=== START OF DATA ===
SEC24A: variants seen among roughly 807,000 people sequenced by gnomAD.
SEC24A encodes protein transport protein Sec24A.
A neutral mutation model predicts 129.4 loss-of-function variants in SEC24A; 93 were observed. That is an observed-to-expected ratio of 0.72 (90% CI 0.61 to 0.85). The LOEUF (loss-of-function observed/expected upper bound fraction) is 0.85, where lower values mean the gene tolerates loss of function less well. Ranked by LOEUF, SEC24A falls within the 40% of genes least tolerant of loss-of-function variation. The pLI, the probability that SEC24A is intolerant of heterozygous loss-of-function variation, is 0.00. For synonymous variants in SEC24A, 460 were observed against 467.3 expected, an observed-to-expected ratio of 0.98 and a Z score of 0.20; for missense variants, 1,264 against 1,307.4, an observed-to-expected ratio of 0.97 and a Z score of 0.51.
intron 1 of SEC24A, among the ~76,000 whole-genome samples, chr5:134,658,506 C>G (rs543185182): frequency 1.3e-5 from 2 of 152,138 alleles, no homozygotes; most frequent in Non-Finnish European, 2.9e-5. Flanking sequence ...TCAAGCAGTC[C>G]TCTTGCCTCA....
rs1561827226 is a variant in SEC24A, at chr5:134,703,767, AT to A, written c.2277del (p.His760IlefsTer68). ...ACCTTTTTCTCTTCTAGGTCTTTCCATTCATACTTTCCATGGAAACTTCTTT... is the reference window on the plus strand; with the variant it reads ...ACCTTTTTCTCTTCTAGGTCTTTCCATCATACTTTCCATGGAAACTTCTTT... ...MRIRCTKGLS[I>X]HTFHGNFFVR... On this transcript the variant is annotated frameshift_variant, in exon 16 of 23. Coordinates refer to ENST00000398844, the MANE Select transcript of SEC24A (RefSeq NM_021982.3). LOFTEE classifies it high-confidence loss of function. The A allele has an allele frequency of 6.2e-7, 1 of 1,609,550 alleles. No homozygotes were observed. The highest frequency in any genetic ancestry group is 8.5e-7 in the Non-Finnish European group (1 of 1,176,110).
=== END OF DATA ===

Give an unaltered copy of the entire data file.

SEC24A: variants seen among roughly 807,000 people sequenced by gnomAD.
SEC24A encodes protein transport protein Sec24A.
A neutral mutation model predicts 129.4 loss-of-function variants in SEC24A; 93 were observed. That is an observed-to-expected ratio of 0.72 (90% CI 0.61 to 0.85). The LOEUF (loss-of-function observed/expected upper bound fraction) is 0.85, where lower values mean the gene tolerates loss of function less well. Ranked by LOEUF, SEC24A falls within the 40% of genes least tolerant of loss-of-function variation. The pLI, the probability that SEC24A is intolerant of heterozygous loss-of-function variation, is 0.00. For synonymous variants in SEC24A, 460 were observed against 467.3 expected, an observed-to-expected ratio of 0.98 and a Z score of 0.20; for missense variants, 1,264 against 1,307.4, an observed-to-expected ratio of 0.97 and a Z score of 0.51.
intron 1 of SEC24A, among the ~76,000 whole-genome samples, chr5:134,658,506 C>G (rs543185182): frequency 1.3e-5 from 2 of 152,138 alleles, no homozygotes; most frequent in Non-Finnish European, 2.9e-5. Flanking sequence ...TCAAGCAGTC[C>G]TCTTGCCTCA....
rs1561827226 is a variant in SEC24A, at chr5:134,703,767, AT to A, written c.2277del (p.His760IlefsTer68). ...ACCTTTTTCTCTTCTAGGTCTTTCCATTCATACTTTCCATGGAAACTTCTTT... is the reference window on the plus strand; with the variant it reads ...ACCTTTTTCTCTTCTAGGTCTTTCCATCATACTTTCCATGGAAACTTCTTT... ...MRIRCTKGLS[I>X]HTFHGNFFVR... On this transcript the variant is annotated frameshift_variant, in exon 16 of 23. Coordinates refer to ENST00000398844, the MANE Select transcript of SEC24A (RefSeq NM_021982.3). LOFTEE classifies it high-confidence loss of function. The A allele has an allele frequency of 6.2e-7, 1 of 1,609,550 alleles. No homozygotes were observed. The highest frequency in any genetic ancestry group is 8.5e-7 in the Non-Finnish European group (1 of 1,176,110).